Different brands of bulbs vary slightly in wattage, so this is all approximate. Remember that the late TW elecrtical system is designed around a load balanced with output. It is important to maintain this balance when swapping around lights. There is not enough "extra" electricity for adding significant lighting. Therefore, to do significant upgrades to output it is necessary to convert to High Intensity Discharge or LED lighting, or some combination thereof. Since it is customary to deal only with watts when doing anything with transport wiring other than calculating wire size, I'll speak only of watts to keep it as simple as possible. The wattages of the first 3 bulbs listed below come from the shop manual supplement for late model TWs, so they should be considered correct.



Late model TWs have a 55/60 watt headlight.

Tail and front markers are 8 watts each, total 24 watts.

The 194 speedo bulb draws about 3.4 watts.

The typical 756 high beam indicator draws 1.2 watts.

Total amp draw in neutral with the high beam on is about 87 watts.



Brake and turn bulbs, along with the other indicators, are intermittant and really don't need to be worried with because they are never on for long.



So, we have 87 watts with which to play.



How does 3 times the stock light with the stock pattern sound to you? Suppose we go to a high quality Japanese or German HID conversion for your stock H4 headlight? Don't buy a cheap conversion, you won't be satisfied. Shop around and you can even find a conversion with a waterproof ballast.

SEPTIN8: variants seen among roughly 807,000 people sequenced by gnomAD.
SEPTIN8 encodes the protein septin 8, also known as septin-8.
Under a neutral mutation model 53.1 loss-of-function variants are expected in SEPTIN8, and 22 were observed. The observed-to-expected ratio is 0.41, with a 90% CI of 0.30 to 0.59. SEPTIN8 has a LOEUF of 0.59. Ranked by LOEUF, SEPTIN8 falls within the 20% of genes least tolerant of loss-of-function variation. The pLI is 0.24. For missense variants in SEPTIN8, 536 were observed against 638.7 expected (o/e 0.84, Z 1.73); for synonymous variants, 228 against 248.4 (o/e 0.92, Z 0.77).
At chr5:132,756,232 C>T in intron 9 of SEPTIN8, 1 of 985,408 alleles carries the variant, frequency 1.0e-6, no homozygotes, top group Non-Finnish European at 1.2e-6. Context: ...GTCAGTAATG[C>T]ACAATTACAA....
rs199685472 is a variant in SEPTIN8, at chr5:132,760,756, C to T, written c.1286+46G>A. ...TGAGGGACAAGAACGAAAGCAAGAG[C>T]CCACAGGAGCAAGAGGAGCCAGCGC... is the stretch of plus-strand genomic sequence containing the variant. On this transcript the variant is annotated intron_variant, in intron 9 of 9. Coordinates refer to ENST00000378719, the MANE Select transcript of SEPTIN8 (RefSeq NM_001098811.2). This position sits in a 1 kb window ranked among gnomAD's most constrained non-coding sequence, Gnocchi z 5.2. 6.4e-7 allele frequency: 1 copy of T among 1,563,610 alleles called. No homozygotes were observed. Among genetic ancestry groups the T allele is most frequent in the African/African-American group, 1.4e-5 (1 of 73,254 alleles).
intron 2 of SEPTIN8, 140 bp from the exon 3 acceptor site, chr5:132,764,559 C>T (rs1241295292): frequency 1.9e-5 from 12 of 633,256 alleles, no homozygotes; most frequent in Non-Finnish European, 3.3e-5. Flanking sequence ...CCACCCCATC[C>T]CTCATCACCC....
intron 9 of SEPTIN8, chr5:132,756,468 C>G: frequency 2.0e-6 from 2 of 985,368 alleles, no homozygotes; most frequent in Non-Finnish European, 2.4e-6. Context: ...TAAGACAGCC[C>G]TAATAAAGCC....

HID conversions come in 2 types and a wide range of color. It is critical to pick the right conversion or you'll have a ton of problems. Let's look at type first, then color.



The first type is HID on low and conventional halogen on high. Presumably, the low beam is so much better you'll never run high, but it has to be there to appease the government. You'll have to rewire the headlight so low does not go off when you flick high for the roadside inspector, because it takes a little time for the HID to relight. Flip from high to low on a dark road, and for half a second you have total darkness. Plus, you can't really run high beam and HID low at the same time due to excessive heat build up. Also, lighting them up is what wears out HID bulbs and causes them to fail--they'll run darn near forever if never turned off.